“He will be a very important leader to OMC. It’s just a matter of whether one of the external candidates rises to the top. Darryl will definitely be a finalist.”
The candidates are being reviewed by Burkhardt and Commissioners Thom Hightower, John Nutter and Tom Oblak.
Lewis told commissioners on May 20 that it was time for him to step away from the heavyweight duties that come with being a hospital CEO.
“I am just out of gas for this job,” Lewis said. “It would be a disservice to this organization, and I just can’t do it anymore.
“A leader has to know when. It is bittersweet.”
Lewis said on May 21 that he’s in good health and may start working for WSHA later this summer, especially if there is a special legislative session. Legislative advocacy will be part of his new job.
The hours will be different, he’s happy to say.
“It’s the energy to work 12 hours a day, it’s the energy to do this job,” he explained, a little more than a week away from leaving it.
“It will be different work and a different level of stress for me.”
Most hospital CEOs last four years, so 13 ½ years “is a good, solid run,” he said. “I think its OK to say when you’re done.”
Lewis said WSHA sought him out for the CFO vacancy.
He counts among the greatest accomplishments during his tenure construction of cancer center in Sequim and the OMC medical office building in Port Angeles, as well as being part of “an amazing team.”
The affection is mutual, as evidenced during a board meeting dominated by verbal accolades for Lewis.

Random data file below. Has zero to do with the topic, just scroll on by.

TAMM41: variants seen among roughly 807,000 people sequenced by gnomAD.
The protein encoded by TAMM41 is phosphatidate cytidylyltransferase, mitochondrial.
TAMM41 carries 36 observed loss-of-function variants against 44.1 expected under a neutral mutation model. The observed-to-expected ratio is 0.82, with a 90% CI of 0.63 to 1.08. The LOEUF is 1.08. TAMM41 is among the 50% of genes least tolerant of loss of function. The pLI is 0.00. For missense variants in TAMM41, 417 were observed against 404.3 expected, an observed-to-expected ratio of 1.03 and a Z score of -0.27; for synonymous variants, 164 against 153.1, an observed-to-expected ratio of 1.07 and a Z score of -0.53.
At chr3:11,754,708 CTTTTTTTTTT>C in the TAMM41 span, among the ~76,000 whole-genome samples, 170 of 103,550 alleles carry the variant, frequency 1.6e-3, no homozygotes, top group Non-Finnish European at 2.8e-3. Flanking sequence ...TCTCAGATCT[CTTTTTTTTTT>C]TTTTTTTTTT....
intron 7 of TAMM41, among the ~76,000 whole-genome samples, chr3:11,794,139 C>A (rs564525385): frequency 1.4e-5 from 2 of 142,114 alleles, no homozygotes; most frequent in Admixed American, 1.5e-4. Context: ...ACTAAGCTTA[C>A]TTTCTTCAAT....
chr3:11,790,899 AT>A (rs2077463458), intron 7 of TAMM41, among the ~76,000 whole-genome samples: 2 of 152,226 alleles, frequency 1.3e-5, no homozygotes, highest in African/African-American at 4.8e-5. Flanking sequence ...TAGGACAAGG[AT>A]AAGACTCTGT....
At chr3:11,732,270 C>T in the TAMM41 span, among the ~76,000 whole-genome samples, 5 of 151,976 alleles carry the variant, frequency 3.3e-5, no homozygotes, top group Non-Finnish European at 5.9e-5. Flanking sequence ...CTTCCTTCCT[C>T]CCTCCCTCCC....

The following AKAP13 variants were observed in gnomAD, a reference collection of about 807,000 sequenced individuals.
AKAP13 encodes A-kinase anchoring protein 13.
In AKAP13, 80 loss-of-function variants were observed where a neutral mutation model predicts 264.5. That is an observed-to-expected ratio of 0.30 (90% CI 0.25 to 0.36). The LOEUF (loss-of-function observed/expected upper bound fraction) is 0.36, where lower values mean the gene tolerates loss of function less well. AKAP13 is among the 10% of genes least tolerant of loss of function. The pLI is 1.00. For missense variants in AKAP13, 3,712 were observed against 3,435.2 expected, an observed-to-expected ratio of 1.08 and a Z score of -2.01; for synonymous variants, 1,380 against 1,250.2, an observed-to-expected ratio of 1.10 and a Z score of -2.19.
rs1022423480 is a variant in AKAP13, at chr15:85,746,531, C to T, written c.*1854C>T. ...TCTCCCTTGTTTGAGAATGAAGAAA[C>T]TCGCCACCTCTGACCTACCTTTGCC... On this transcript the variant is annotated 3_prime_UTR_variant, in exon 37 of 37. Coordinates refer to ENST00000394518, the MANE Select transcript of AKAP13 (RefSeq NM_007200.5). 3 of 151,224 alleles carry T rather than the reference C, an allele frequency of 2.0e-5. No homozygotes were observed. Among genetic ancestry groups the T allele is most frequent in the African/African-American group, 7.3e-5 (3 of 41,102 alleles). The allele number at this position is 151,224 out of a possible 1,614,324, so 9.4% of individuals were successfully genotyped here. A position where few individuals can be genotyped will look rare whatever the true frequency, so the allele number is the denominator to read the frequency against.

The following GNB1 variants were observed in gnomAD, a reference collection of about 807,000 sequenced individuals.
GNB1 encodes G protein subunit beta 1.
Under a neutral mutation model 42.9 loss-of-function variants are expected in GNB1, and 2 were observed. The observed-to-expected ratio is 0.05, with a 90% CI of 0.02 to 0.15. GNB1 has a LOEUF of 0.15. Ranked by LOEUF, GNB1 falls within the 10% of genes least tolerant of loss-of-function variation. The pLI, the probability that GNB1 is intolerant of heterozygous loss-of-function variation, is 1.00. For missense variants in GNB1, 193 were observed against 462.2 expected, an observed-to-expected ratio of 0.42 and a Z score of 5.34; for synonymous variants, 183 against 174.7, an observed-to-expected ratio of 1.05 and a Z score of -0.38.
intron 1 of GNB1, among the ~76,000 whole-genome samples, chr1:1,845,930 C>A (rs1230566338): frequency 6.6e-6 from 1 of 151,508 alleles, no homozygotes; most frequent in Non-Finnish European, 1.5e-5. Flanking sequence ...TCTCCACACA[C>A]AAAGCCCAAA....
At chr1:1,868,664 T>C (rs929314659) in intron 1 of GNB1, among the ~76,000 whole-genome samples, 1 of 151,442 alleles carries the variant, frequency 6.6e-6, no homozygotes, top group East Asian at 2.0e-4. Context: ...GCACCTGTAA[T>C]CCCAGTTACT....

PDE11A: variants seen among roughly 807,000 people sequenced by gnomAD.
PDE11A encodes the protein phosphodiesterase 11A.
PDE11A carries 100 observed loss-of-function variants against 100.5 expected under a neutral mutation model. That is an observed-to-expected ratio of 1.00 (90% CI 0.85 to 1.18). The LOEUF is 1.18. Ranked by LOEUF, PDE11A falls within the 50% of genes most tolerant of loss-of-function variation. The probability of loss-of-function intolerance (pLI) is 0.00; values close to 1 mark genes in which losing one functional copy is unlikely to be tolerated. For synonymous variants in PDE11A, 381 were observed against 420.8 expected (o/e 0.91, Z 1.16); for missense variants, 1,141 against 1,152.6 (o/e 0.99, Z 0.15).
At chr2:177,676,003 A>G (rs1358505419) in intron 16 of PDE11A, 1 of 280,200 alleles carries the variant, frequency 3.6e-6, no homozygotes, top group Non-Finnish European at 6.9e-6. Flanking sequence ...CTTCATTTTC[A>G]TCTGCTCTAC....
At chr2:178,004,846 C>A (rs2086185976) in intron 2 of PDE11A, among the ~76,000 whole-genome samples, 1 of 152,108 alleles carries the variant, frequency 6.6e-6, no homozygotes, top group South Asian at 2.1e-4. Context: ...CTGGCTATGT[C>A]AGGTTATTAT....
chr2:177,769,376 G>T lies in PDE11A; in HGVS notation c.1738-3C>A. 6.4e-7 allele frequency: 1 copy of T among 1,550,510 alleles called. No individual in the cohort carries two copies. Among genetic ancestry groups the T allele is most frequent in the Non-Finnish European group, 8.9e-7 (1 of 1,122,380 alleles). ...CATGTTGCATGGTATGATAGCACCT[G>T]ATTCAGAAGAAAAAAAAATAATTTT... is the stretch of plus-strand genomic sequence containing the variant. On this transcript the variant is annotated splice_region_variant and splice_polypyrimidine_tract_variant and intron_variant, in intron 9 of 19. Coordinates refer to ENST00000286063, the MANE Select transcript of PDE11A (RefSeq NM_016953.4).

Dr. Mark Fischer recounted Wednesday the high ratings OMC has achieved during Lewis’ tenure and said WSHA was lucky to hire him.
“They trust his acumen,” Fischer said.
Board Chairman Jim Leskinovitch said on May 20 a board resolution was being prepared to honor Lewis’ service to replace the one he had planned that was too short.
A day later, Leskinovitch recounted how Lewis was instrumental in getting a veterans clinic established in a former internal medicine building two years before veterans’ clinic would have otherwise opened.
“Eric has done so much for this community,” he said. “His rectitude, and everything about him is honest, and he’s a great human being.”
Nutter, a hospital commissioner, former OMC chief financial officer and current Port of Port Angeles deputy executive director, recalled working with Lewis since Lewis’s first day as hospital CFO in 1998.
“I’m speechless,” Nutter said. “I don’t know what to say. I’m very happy for you.”
Commissioner Dr. John Miles said when he ran for the position, the territory was not new.
“I never worked for a better CEO than Eric in all my career of 42 years,” Miles said.
Lewis has a 24-year-old son, a 20-year-old daughter and a new grandchild.
He said he will continue living in Sequim.
Commissioner Ann Marie Henninger suggested Lewis’ next chapter in life will include spending time with the newest member of his family.
Being a grandpa “is a whole new image,” responded Lewis.
“I will say I am having trouble with that, but I am looking forward to it.”